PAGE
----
While American politicians abjectly deride the Scandinavians for being ‘pinko commies’, Hollywood has been taking notice of their considerable cinematic talent, finding every opportunity to import some of their best films for American remakes. David Fincher’s The Girl with the Dragon Tattoo and Matt Reeves’ Let Me In are excellent examples, but no Scandinavian film will appeal to North American sensibilities more than Norway’s Headhunters.
The film stars Aksel Hennie as the titular headhunter, an enigma of a man who recruits corporate talent by day and steals valuable art pieces by night. When his wife (Synnøve Macody Lund), herself an art dealer, introduces him to an ex-intelligence mercenary turned electronics tycoon (Nikolaj Coster-Waldau) at an art exhibit, his interest is piqued when he learns said tycoon is in possession of an invaluable painting.
Things take a turn for the worse, however, when, while trying to steal the painting, he discovers something at the man’s house that turns him into the prey in his very own manhunt.
In the beginning, Headhunters is an engrossing character study. Vain, libertine, bourgeois, and unabashedly pretentious, the film’s protagonists is the Norwegian equivalent of Don Draper, an introvert who rationalizes his deep emotional problems by indulging in decadence and debauchery.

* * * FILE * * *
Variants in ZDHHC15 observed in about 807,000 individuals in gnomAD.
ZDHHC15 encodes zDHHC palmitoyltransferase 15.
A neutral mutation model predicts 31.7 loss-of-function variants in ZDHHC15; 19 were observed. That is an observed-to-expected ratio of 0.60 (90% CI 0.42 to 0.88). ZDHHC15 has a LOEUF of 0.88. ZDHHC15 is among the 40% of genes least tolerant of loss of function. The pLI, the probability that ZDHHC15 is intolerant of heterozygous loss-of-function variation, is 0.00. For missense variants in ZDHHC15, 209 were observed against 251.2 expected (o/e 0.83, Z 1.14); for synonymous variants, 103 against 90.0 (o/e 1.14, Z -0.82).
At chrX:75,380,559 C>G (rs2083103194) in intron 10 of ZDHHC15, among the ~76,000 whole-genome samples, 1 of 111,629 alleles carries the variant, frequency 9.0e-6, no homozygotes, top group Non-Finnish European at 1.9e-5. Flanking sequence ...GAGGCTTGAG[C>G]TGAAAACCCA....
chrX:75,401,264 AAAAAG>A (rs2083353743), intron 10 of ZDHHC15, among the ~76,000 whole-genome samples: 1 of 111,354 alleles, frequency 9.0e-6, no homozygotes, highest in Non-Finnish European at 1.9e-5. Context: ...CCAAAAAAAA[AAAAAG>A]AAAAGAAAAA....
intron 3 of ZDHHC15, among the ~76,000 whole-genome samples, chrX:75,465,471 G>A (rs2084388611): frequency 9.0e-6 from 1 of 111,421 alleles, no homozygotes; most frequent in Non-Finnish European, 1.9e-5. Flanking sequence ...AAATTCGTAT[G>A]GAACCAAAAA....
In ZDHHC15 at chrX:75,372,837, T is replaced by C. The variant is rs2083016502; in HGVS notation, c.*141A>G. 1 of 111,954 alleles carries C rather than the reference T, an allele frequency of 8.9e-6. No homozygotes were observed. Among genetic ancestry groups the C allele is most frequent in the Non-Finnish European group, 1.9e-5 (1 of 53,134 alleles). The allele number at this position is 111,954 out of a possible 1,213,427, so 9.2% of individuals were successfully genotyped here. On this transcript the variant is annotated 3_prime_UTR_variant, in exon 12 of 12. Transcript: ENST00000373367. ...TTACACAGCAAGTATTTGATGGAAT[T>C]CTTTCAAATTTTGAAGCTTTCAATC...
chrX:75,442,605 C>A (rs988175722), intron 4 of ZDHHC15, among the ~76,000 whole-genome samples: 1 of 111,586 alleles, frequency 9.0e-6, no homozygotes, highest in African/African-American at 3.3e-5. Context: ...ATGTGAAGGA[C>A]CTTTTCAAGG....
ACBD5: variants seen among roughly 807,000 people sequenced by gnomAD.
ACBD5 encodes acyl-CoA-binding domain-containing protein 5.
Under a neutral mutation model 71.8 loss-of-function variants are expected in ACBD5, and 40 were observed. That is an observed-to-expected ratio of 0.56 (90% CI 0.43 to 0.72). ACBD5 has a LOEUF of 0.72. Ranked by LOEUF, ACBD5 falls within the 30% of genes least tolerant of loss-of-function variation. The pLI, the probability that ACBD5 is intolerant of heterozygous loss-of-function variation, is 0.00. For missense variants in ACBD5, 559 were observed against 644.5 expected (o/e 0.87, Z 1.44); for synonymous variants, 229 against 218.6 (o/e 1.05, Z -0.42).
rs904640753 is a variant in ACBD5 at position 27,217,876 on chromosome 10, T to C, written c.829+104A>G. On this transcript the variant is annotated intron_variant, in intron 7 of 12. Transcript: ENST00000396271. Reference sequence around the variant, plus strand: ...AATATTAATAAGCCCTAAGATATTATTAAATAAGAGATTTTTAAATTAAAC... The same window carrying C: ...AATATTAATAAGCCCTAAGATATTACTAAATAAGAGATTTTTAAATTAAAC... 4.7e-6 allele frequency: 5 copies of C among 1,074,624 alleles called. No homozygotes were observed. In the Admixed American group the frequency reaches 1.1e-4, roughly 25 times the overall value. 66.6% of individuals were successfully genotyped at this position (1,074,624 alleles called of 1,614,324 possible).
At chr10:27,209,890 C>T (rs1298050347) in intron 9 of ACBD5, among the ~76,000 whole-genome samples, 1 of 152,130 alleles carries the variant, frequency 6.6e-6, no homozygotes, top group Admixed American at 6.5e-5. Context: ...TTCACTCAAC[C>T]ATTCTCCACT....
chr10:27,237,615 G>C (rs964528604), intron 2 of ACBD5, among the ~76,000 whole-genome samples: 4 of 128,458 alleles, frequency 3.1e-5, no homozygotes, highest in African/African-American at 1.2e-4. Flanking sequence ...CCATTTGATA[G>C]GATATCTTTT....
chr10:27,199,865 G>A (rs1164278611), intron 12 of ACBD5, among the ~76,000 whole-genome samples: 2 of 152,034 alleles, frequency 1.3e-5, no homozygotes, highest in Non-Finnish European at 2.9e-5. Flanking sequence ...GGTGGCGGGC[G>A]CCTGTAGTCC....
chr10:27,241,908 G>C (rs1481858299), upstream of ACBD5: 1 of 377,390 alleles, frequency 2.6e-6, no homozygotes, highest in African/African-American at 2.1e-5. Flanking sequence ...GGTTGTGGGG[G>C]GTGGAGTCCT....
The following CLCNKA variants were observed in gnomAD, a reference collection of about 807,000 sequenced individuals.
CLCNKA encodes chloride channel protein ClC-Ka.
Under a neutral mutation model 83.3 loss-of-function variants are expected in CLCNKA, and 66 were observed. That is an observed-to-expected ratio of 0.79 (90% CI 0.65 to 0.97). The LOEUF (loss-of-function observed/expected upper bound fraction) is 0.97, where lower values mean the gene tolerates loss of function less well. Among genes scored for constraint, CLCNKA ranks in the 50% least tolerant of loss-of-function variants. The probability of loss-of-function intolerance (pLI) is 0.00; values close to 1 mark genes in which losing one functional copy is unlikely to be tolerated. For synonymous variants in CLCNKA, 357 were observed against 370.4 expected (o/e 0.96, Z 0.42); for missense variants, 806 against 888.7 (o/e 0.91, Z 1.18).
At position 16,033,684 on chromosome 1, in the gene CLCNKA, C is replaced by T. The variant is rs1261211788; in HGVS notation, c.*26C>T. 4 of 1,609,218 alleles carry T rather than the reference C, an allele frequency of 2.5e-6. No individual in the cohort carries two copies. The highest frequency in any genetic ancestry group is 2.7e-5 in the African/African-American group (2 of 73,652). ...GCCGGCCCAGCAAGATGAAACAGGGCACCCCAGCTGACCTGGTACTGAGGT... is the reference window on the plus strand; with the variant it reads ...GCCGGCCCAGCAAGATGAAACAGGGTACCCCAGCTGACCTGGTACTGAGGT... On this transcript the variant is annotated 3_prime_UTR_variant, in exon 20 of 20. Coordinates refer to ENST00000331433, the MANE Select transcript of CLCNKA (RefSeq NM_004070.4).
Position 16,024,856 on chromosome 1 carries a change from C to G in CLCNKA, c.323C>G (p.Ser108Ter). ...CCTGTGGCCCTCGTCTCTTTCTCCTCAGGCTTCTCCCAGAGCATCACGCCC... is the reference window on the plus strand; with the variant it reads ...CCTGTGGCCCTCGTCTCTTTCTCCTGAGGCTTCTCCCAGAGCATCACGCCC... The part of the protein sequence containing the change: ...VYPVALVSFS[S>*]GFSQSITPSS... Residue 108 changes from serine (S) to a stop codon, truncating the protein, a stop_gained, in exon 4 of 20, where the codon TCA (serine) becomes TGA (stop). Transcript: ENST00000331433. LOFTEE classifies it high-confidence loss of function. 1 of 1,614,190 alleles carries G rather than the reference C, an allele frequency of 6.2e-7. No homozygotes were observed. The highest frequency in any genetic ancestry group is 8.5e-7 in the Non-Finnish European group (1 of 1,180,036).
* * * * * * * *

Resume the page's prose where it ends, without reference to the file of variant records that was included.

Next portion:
At only 1.68 m tall, it’s suggested that his proclivity for extravagance stems from a hyperactive Napoleon complex (his wife is stunning, and considerably taller). In fact, sexuality becomes a driving force in the film, elucidating character motives and thematic concepts. Although not as comprehensive as American Beauty, the film’s use of sexuality as a leitmotif provides an interesting dimension to what is otherwise a straightforward thriller.
So it’s bittersweet, really, when the film eventually departs from this careful dissection and moves onto the aforementioned manhunt. But even then, the film still manages to surprise.
Initially, the sense of foreboding and trepidation mirrors that of Michael Clayton, creating an amazing amount of tension and suspense. But somehow, the film pulls off an unfathomable tonal shift, making the devolving misadventures and dark comedy in Fargo pale in comparison.
The film’s ability to seamlessly switch back and forth from these antithetical tones is one of its major achievements, never allowing itself to feel redundant, tedious or banal. Taken as an experience, the film excels in entertaining, and as an intellectual exercise, it also succeeds with social and political commentary, as well as with Freudian ideas of sexuality.
With a lead character named Roger Brown, an actor that looks like a young Steve Buscemi, and a narrative that borrows from well known Hollywood thrillers, Headhunters not only merits a remake, it’s all but inevitable.
But with Mark Wahlberg set to star in the Hollywood version, the remake (by definition) will be inferior, so see the original Headhunters first, so you can be a snob to all your friends by saying the Scandinavian version was better.